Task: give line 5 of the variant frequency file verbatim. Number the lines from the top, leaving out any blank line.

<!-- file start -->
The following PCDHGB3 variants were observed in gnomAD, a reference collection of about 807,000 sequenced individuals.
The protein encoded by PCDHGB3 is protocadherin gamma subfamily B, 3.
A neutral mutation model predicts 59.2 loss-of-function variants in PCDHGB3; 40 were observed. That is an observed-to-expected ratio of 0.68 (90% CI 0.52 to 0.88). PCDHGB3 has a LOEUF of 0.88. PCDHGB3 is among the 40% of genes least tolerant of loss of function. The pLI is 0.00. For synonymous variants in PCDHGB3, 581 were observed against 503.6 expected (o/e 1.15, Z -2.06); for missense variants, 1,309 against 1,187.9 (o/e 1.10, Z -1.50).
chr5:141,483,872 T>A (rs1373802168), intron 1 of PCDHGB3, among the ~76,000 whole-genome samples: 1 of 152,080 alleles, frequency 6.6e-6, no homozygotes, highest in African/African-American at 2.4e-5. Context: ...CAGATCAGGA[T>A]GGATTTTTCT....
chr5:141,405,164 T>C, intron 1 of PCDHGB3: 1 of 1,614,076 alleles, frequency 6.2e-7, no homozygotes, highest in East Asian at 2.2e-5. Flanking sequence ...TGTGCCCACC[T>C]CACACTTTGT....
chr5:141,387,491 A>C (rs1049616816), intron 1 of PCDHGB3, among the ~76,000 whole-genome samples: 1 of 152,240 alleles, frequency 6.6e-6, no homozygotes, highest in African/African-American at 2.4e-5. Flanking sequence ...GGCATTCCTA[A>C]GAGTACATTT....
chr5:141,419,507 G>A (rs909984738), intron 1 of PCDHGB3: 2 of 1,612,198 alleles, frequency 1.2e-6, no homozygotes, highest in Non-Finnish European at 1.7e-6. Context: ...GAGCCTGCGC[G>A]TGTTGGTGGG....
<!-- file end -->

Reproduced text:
chr5:141,405,164 T>C, intron 1 of PCDHGB3: 1 of 1,614,076 alleles, frequency 6.2e-7, no homozygotes, highest in East Asian at 2.2e-5. Flanking sequence ...TGTGCCCACC[T>C]CACACTTTGT....